151121 5694 1932358 796675 37867 76770 916994 8353762 0 800672 9150437

Field 1 -- # of reads issued
This is the total number of reads completed successfully.
Field 2 -- # of reads merged, field 6 -- # of writes merged
Reads and writes which are adjacent to each other may be merged for
efficiency. Thus two 4K reads may become one 8K read before it is
ultimately handed to the disk, and so it will be counted (and queued)
as only one I/O. This field lets you know how often this was done.
Field 3 -- # of sectors read
This is the total number of sectors read successfully.
Field 4 -- # of milliseconds spent reading
This is the total number of milliseconds spent by all reads (as
measured from __make_request() to end_that_request_last()).
Field 5 -- # of writes completed
This is the total number of writes completed successfully.
Field 7 -- # of sectors written
This is the total number of sectors written successfully.
Field 8 -- # of milliseconds spent writing
This is the total number of milliseconds spent by all writes (as
measured from __make_request() to end_that_request_last()).
Field 9 -- # of I/Os currently in progress
The only field that should go to zero. Incremented as requests are
given to appropriate request_queue_t and decremented as they finish.
Field 10 -- # of milliseconds spent doing I/Os
This field is increases so long as field 9 is nonzero.
Field 11 -- weighted # of milliseconds spent doing I/Os
This field is incremented at each I/O start, I/O completion, I/O
merge, or read of these stats by the number of I/Os in progress
(field 9) times the number of milliseconds spent doing I/O since the
last update of this field. This can provide an easy measure of both
I/O completion time and the backlog that may be accumulating.

Note, this is device specific.

TIP 68:

Passing Outbound Mail, plus Masquerading User and Hostname.

Here's a specific example:

How does one send and receive Comcast email from a home Linux box,
which uses Comcast as the ISP, if the local account on the Linux
box is different from the Comcast email. For instance, the
account on the Linux box is "chirico@third-fl-71" and the Comcast
email account is "". Note both the hostname and
username are different.

So, the user "chirico" using "mutt", "elm" or any email program would
like to send out email to say ""; yet, donkey would
see the email from "" and not "chirico@third-fl-71"
but chirico@third-fl-71 would get the replies.

For a full description of how to solve this problem, including related
"", "site.config.m4", "genericstable", "genericsdomain",
".procmailrc", and ".forward" files, reference the following:

Included in the above link are instructions for building sendmail with

TIP 69:

How do you remove just the last 2 lines from a file and save the result?

$ sed '$d' file | sed '$d' > savefile

Or, as Amos Shapira pointed out, it's much easier with the head command.

$ head -2 file

And, of course, removing just the last line

$ sed '$d' file > savefile


How do you remove extra spaces at the end of a line?

$ sed 's/[ ]*$//g'

How do you remove blank lines, or lines with just spaces and tabs,
saving the origional file as file.backup?

$ perl -pi.backup -e "s/^(\s)*\n//" file

Or, you may want to remove empty spaces and tabs at the end of a line

$ perl -pi.backup -e "s/(\s)*\n/\n/" file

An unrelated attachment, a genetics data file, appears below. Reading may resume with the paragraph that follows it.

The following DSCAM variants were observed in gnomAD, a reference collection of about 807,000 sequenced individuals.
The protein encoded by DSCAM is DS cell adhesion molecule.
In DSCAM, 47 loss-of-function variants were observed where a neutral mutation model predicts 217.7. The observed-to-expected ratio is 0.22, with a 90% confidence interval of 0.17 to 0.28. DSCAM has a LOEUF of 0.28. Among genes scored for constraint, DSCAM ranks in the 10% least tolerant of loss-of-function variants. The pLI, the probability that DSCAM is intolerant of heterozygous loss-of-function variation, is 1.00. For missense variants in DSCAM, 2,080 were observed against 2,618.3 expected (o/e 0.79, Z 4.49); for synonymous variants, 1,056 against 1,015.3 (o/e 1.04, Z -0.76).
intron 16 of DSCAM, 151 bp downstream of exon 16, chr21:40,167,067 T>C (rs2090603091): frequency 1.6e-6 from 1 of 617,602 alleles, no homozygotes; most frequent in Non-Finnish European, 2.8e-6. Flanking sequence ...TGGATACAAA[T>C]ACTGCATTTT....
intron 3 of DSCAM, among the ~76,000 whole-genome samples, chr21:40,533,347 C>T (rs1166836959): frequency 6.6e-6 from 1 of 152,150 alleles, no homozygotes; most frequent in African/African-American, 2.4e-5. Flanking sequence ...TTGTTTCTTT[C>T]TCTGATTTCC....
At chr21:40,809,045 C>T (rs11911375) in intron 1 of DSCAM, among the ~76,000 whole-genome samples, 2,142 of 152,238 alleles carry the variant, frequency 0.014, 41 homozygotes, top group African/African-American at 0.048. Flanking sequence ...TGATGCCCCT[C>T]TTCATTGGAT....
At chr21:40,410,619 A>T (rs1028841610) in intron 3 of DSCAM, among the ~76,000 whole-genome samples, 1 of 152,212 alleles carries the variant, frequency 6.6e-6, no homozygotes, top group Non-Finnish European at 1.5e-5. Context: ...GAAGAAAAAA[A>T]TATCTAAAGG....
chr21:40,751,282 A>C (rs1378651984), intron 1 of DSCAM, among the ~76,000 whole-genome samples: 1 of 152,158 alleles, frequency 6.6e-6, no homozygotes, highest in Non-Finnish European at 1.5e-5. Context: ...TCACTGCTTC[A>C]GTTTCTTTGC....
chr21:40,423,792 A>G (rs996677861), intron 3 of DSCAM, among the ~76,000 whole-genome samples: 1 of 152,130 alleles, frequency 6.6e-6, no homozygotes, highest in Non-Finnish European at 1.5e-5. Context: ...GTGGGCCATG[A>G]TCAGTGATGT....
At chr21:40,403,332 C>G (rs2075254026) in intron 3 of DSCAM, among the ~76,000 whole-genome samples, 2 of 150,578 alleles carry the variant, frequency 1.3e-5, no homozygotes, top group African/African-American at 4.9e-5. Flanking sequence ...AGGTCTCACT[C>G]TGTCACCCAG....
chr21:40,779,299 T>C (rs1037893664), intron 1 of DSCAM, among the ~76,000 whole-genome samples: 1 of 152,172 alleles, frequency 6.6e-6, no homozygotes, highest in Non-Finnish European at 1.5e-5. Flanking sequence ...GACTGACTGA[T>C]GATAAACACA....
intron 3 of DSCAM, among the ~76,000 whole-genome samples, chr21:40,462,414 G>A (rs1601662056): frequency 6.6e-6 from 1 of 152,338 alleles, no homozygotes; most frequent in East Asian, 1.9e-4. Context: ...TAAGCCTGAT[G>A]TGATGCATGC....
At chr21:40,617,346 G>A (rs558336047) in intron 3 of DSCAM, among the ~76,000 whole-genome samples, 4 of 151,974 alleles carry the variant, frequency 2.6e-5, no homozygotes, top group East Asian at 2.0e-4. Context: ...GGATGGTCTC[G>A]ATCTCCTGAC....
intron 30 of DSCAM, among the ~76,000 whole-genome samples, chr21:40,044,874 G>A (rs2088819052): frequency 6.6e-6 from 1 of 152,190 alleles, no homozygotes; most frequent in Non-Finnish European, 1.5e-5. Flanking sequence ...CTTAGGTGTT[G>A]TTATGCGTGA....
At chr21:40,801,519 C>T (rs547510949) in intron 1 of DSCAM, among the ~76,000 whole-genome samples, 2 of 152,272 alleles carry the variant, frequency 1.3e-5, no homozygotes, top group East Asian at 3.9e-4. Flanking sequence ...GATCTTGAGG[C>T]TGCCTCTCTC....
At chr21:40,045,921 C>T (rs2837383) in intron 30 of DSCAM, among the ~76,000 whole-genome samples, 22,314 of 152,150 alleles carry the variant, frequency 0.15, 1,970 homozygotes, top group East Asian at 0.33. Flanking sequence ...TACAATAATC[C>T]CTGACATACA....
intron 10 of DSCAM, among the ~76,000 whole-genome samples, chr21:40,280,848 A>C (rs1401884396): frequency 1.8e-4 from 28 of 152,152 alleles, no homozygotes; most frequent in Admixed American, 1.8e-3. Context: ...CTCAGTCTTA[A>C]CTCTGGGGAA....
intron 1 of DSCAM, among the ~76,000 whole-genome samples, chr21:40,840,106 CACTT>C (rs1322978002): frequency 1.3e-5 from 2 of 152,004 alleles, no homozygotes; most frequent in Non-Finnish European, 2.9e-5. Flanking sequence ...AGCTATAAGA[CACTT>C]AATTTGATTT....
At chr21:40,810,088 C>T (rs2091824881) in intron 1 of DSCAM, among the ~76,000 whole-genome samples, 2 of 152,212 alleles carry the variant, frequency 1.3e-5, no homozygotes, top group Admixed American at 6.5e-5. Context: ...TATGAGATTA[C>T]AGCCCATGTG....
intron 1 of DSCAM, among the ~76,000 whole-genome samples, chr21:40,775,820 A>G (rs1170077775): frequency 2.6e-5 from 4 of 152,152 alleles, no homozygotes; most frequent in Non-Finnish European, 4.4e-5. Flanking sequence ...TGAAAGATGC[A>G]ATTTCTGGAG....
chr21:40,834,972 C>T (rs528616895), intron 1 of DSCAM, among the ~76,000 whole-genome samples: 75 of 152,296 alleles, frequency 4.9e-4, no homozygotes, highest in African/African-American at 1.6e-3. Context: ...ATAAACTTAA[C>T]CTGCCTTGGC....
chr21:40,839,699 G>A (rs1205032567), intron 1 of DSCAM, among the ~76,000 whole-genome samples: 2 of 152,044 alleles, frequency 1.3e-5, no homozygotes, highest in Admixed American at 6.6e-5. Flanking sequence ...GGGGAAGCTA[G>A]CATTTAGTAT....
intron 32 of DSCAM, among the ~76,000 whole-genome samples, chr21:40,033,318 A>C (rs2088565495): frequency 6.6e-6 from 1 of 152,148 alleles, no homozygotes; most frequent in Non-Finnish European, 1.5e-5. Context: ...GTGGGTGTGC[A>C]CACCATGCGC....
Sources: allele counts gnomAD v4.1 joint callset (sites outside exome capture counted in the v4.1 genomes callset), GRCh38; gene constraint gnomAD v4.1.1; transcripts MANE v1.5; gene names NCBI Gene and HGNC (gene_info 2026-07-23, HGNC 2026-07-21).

Or, you may want to converts dates of the format 01/23/2007 to the
format 2007-01-23. This is MySQL's common date format.

$ perl -pi.backup -e "s|(\d+)/(\d+)/(\d+)|\$3-\$2-\$1|" file

Note, you need a backslash \$3,\$2,\$1 so as to not get bash shell

TIP 70:

Generating Random Numbers.

$ od -vAn -N4 -tu4 < /dev/urandom

TIP 71:

Deleting a File by it's Inode Value.

See (PROGRAMMING TIP 5) for creating the file, or

$ cat > '\n\n\n\n\n\n\n'
type some text

To list the inode and display the characters.

$ ls -libt *

To remove by inode. Note the "--" option. This
will keep any special characters in the file from being
interpreted at "rm" options.

$ find . -inum -exec rm -- '{}' \;

Or to check contents

$ find . -inum -exec cat '{}' \;


TIP 72:

Sending Attachments Using Mutt -- On the Command Line.

$ mutt -s "See Attachment" -a file.doc < message.txt

or just the message:

$ echo | mutt -a sample.tar.gz


Also see (TIP 51).

TIP 73:

Want to find out what functions a program calls?

$ strace

Try this with "topen.c" (see PROGRAMMING TIP 5)

$ strace ./topen

TIP 74:

RPM Usage Summary.

Install. Full filename is needed.

$ rpm -ivh Fedora/RPMS/postgresql-libs-7.4.2-1.i386.rpm

To view list of files installed with a particular package.

$ rpm -ql postgresql-libs

Or, to get the file listing from a package that is not installed use the
"-p" option.

$ rpm -pql /iso0/Fedora/RPMS/libpcap-0.8.3-7.i386.rpm

For dependencies listing, use the "R" option.

$ rpm -qpR /iso0/Fedora/RPMS/libpcap-0.8.3-7.i386.rpm
kernel >= 2.2.0
rpmlib(CompressedFileNames) <= 3.0.4-1
rpmlib(PayloadFilesHavePrefix) <= 4.0-1

To check the integrity, use the "-K" option.

$ rpm -K /iso0/Fedora/RPMS/libpcap-0.8.3-7.i386.rpm
/iso0/Fedora/RPMS/libpcap-0.8.3-7.i386.rpm: (sha1) dsa sha1 md5 gpg OK

To list all packages installed.

$ rpm -qa

To find out which file a package belongs to.

$ rpm -qf /usr/lib/

To uninstall a package

$ rpm -e

For building rpm packages reference the following:

To verify md5 sum so that you know it downloaded ok

$ rpm -K *.rpm

The following is a good reference:

TIP 75:

Listing Output from a Bash Script.

Add "set -x"

set -x

Will list the files and output as follows:

+ ls
ChangeLog CVS data test
+ date
Thu Jul 1 20:41:04 EDT 2004

TIP 76: